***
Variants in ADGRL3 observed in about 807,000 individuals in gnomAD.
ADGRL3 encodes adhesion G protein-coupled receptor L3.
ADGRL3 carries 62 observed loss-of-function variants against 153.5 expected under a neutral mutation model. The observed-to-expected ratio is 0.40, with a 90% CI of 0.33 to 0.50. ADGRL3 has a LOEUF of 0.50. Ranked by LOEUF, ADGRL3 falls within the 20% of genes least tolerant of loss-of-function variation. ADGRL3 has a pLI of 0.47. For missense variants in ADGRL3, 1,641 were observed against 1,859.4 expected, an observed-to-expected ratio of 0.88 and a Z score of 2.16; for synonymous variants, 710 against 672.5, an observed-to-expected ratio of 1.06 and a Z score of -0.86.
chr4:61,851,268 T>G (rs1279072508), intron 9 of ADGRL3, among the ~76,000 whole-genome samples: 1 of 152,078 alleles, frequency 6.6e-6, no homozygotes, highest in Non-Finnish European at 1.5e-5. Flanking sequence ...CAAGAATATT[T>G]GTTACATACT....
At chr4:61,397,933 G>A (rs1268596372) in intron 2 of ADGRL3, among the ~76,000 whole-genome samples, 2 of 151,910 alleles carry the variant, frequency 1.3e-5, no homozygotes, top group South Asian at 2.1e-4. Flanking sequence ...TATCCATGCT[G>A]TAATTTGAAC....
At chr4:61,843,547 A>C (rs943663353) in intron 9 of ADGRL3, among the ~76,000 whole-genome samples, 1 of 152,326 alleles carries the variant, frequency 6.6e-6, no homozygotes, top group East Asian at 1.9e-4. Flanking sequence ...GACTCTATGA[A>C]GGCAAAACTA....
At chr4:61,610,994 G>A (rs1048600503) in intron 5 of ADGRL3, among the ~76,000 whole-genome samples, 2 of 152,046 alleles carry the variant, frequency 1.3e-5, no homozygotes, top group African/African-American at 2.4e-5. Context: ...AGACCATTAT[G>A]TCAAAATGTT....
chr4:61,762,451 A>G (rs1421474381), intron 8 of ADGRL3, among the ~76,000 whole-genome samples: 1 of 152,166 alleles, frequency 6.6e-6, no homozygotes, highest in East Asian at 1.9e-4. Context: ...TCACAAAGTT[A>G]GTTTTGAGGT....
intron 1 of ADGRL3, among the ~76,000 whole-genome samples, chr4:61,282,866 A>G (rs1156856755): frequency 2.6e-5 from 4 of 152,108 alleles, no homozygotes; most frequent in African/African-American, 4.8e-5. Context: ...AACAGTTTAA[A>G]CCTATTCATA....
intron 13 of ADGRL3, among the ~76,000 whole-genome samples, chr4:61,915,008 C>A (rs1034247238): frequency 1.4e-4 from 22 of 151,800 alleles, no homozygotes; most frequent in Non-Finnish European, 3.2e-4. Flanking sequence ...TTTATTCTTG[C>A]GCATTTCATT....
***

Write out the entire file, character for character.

Variants in ADGRL3 observed in about 807,000 individuals in gnomAD.
ADGRL3 encodes adhesion G protein-coupled receptor L3.
ADGRL3 carries 62 observed loss-of-function variants against 153.5 expected under a neutral mutation model. The observed-to-expected ratio is 0.40, with a 90% CI of 0.33 to 0.50. ADGRL3 has a LOEUF of 0.50. Ranked by LOEUF, ADGRL3 falls within the 20% of genes least tolerant of loss-of-function variation. ADGRL3 has a pLI of 0.47. For missense variants in ADGRL3, 1,641 were observed against 1,859.4 expected, an observed-to-expected ratio of 0.88 and a Z score of 2.16; for synonymous variants, 710 against 672.5, an observed-to-expected ratio of 1.06 and a Z score of -0.86.
chr4:61,851,268 T>G (rs1279072508), intron 9 of ADGRL3, among the ~76,000 whole-genome samples: 1 of 152,078 alleles, frequency 6.6e-6, no homozygotes, highest in Non-Finnish European at 1.5e-5. Flanking sequence ...CAAGAATATT[T>G]GTTACATACT....
At chr4:61,397,933 G>A (rs1268596372) in intron 2 of ADGRL3, among the ~76,000 whole-genome samples, 2 of 151,910 alleles carry the variant, frequency 1.3e-5, no homozygotes, top group South Asian at 2.1e-4. Flanking sequence ...TATCCATGCT[G>A]TAATTTGAAC....
At chr4:61,843,547 A>C (rs943663353) in intron 9 of ADGRL3, among the ~76,000 whole-genome samples, 1 of 152,326 alleles carries the variant, frequency 6.6e-6, no homozygotes, top group East Asian at 1.9e-4. Flanking sequence ...GACTCTATGA[A>C]GGCAAAACTA....
At chr4:61,610,994 G>A (rs1048600503) in intron 5 of ADGRL3, among the ~76,000 whole-genome samples, 2 of 152,046 alleles carry the variant, frequency 1.3e-5, no homozygotes, top group African/African-American at 2.4e-5. Context: ...AGACCATTAT[G>A]TCAAAATGTT....
chr4:61,762,451 A>G (rs1421474381), intron 8 of ADGRL3, among the ~76,000 whole-genome samples: 1 of 152,166 alleles, frequency 6.6e-6, no homozygotes, highest in East Asian at 1.9e-4. Context: ...TCACAAAGTT[A>G]GTTTTGAGGT....
intron 1 of ADGRL3, among the ~76,000 whole-genome samples, chr4:61,282,866 A>G (rs1156856755): frequency 2.6e-5 from 4 of 152,108 alleles, no homozygotes; most frequent in African/African-American, 4.8e-5. Context: ...AACAGTTTAA[A>G]CCTATTCATA....
intron 13 of ADGRL3, among the ~76,000 whole-genome samples, chr4:61,915,008 C>A (rs1034247238): frequency 1.4e-4 from 22 of 151,800 alleles, no homozygotes; most frequent in Non-Finnish European, 3.2e-4. Flanking sequence ...TTTATTCTTG[C>A]GCATTTCATT....